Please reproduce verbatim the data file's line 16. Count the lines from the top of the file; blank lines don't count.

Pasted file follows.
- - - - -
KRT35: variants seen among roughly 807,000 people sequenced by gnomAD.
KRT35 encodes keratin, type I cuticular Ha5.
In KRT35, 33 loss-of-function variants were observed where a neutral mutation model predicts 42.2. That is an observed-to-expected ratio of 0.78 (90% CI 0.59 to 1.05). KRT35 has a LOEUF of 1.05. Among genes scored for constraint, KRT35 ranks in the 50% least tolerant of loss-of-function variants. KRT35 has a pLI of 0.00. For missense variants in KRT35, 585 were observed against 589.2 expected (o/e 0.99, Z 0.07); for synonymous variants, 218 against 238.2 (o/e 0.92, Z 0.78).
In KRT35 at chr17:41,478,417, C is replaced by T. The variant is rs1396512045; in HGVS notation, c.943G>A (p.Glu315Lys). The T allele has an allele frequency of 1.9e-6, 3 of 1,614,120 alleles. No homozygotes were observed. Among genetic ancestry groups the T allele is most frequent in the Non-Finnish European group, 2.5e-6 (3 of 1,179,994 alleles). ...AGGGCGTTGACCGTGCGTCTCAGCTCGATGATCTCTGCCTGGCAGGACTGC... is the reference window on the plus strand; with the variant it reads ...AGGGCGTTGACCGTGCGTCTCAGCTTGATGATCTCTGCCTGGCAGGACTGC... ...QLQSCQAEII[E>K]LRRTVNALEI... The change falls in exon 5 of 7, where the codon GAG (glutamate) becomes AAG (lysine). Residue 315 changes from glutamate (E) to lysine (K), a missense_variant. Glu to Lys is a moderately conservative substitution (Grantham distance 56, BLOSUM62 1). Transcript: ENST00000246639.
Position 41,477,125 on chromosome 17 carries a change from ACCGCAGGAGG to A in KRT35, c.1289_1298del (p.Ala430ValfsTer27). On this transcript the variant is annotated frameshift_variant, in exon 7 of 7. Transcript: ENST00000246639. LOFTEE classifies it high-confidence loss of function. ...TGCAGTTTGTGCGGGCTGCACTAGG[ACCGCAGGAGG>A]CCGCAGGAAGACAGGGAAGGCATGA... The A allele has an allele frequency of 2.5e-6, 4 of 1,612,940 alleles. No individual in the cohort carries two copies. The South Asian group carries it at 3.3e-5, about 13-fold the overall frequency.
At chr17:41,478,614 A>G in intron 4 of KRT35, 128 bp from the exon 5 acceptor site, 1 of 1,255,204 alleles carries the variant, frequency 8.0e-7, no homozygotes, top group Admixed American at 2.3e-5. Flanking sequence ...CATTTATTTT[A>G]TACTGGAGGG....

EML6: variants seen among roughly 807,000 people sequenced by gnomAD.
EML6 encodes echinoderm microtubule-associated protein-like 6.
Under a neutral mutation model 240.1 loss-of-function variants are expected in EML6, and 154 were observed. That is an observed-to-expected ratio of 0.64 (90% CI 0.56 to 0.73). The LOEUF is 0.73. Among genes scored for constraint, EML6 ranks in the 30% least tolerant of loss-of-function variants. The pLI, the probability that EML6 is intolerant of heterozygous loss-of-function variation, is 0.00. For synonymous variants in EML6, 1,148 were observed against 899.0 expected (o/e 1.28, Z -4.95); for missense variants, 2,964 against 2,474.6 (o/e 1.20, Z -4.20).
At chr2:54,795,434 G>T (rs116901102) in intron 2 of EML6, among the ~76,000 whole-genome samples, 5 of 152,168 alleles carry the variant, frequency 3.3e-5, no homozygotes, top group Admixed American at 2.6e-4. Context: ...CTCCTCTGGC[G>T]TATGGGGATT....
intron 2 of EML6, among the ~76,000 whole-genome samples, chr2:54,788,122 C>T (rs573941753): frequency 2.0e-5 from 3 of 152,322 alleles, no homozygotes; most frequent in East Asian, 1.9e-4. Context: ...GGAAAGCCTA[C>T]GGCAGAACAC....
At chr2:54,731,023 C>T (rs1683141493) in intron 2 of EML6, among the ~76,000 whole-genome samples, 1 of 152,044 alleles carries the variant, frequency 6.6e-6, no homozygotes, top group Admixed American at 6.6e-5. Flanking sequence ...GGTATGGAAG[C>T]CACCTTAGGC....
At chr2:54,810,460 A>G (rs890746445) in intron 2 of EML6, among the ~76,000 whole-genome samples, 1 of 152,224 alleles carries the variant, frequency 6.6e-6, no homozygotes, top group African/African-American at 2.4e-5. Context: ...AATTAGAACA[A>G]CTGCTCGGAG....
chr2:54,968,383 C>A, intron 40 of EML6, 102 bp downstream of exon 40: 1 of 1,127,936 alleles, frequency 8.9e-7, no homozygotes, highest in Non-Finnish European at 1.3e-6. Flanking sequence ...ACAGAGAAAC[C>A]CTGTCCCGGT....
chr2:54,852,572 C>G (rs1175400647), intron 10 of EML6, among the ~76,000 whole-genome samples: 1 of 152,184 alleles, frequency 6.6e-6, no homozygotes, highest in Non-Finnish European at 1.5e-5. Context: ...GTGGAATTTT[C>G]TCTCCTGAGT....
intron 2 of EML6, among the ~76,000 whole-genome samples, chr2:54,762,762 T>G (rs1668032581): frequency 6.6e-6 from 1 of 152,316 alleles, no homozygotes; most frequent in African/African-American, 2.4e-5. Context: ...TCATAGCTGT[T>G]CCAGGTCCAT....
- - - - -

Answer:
intron 2 of EML6, among the ~76,000 whole-genome samples, chr2:54,762,762 T>G (rs1668032581): frequency 6.6e-6 from 1 of 152,316 alleles, no homozygotes; most frequent in African/African-American, 2.4e-5. Context: ...TCATAGCTGT[T>G]CCAGGTCCAT....